16. X. He and D. Xue, “Doping mechanism of optical-damage-resistant ions in lithium niobate crystals”, Opt. Commun. 265, 537–541 (2006). [CrossRef]

].

Fig. 5. (a). Comparison of the MgO:ppLN crystal surface view (XY) with the cross sectional view (XZ). Images were taken from the 3D reconstruction of the crystal obtained using multi-photon LSM excited luminescence. Figure 5(b) Close-up image taken from Column 1 in Fig. 5(a). Measurements of the crystal periodicity were easily obtained using Volocity 4 image analysis software.

As well as obtaining visual information about the structure of the crystal, image analysis enables accurate measurement of the MgO:ppLN crystal period length, which contributes towards the performance of the structure for nonlinear frequency conversion. Figure 5(b) features a close-up image from Column 1 for close inspection of the luminescence excited within the crystal Three measurements of the location of this high intensity luminescence signal were taken to illustrate the difference in periodicity within the crystal, from which the difference in periodicity was measured to be as large as 0.48µm. The lack of periodicity and the damage observed in Fig. 5(a) and Fig. 5(b) reduces the efficiency of the QPM device for nonlinear frequency conversion. This study highlights the importance of imaging the internal structure of QPM crystals such as MgO:ppLN, since inspection of the near surface alone cannot give an accurate indication whether the fabrication process was successful.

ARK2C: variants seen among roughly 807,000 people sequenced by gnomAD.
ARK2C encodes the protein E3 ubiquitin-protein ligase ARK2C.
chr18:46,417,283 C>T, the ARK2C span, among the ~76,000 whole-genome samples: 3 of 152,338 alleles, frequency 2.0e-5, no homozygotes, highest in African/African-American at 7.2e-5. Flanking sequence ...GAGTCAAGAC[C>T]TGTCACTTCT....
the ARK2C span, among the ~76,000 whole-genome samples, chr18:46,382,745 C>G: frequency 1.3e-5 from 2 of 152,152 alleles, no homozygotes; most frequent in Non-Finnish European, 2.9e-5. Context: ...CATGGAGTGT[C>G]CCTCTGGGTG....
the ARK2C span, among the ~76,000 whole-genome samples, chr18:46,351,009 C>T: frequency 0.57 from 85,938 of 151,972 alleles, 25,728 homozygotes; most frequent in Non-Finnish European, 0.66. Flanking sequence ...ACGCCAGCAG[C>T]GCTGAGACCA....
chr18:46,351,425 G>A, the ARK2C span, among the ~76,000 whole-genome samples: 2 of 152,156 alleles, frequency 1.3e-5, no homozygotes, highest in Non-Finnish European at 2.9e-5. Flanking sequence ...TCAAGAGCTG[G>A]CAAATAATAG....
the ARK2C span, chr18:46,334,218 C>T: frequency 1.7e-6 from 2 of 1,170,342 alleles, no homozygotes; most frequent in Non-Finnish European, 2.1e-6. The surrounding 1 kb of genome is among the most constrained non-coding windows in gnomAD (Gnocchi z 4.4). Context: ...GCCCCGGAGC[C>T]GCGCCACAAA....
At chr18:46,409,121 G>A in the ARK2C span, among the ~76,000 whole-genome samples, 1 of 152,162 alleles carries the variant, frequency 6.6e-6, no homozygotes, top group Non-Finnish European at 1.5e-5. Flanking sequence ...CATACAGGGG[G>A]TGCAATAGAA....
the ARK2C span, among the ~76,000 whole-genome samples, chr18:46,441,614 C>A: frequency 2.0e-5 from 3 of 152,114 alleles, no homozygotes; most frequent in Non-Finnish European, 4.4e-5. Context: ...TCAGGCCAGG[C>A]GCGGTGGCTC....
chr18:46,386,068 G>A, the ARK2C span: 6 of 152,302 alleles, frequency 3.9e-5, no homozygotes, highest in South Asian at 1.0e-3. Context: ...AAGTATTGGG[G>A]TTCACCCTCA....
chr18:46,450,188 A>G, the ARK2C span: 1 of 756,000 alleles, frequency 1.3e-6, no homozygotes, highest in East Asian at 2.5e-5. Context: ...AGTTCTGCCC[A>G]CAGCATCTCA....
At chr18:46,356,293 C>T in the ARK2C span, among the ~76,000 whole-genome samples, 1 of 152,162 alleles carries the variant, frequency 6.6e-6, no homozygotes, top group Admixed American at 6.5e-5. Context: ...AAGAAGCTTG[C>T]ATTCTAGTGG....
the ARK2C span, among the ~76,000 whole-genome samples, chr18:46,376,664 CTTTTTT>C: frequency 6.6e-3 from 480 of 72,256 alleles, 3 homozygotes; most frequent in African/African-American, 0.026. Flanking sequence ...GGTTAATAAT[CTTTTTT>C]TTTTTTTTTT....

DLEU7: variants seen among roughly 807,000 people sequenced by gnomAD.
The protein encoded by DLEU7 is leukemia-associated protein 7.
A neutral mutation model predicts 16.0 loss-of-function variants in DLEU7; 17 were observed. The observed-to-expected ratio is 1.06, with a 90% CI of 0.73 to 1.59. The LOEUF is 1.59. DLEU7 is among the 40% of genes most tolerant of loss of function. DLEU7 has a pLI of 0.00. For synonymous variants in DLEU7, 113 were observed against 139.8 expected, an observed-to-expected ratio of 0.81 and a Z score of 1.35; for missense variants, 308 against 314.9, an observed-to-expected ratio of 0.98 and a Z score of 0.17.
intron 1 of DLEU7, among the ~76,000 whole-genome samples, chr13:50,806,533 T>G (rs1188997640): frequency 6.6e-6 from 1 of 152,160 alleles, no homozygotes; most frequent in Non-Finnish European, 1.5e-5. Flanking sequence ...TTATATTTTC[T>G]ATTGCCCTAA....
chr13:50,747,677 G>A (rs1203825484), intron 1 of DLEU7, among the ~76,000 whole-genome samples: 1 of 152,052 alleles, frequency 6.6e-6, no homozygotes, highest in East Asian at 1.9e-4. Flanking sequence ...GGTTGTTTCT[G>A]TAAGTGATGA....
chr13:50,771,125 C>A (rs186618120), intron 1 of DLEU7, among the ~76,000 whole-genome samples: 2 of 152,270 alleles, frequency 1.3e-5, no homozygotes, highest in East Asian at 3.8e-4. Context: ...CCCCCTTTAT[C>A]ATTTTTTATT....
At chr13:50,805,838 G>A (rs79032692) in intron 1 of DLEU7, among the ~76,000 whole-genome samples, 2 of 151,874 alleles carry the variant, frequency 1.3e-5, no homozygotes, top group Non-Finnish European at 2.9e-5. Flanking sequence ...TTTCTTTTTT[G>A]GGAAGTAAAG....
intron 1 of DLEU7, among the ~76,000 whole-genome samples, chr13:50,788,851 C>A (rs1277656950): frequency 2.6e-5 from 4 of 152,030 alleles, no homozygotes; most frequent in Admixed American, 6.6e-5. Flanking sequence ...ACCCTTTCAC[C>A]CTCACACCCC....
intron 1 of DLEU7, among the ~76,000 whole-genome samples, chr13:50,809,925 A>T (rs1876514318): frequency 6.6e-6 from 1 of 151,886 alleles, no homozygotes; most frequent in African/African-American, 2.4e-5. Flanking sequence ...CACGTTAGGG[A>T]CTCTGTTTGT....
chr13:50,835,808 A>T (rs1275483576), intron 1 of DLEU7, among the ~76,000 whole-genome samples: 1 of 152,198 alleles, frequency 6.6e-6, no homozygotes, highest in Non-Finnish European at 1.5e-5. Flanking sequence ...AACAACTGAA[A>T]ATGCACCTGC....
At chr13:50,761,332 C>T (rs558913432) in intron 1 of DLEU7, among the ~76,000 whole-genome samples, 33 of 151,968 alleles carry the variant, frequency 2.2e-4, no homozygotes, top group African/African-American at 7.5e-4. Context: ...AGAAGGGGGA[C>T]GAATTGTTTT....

5. Conclusion

From this study, it has been shown that multi-photon LSM provides important information that cannot be obtained via brightfield microscopy, confocal LSM or SHG imaging techniques. Using multi-photon luminescence LSM, internal deformation of the crystal structure and dopant inhomogeneity can be identified at depth within thick samples, with sub-micron resolution. Such imaging could potentially be used as an inspection tool to aid in the fabrication and subsequent enhancement of the nonlinear characteristics of both MgO:ppLN and alternative QPM devices.

Acknowledgments

The authors wish to acknowledge financial support from RCUK. Special thanks to Mr Elric Esposito for helpful discussions

References and links

1.

L. E. Myers and W. R. Bosenberg, “Periodically Poled Lithium Niobate and Quasi-Phase-Matched Optical Parametric Oscillators,” IEEE J. Quantum Electron. 33, 1663–1672 (1997). [CrossRef]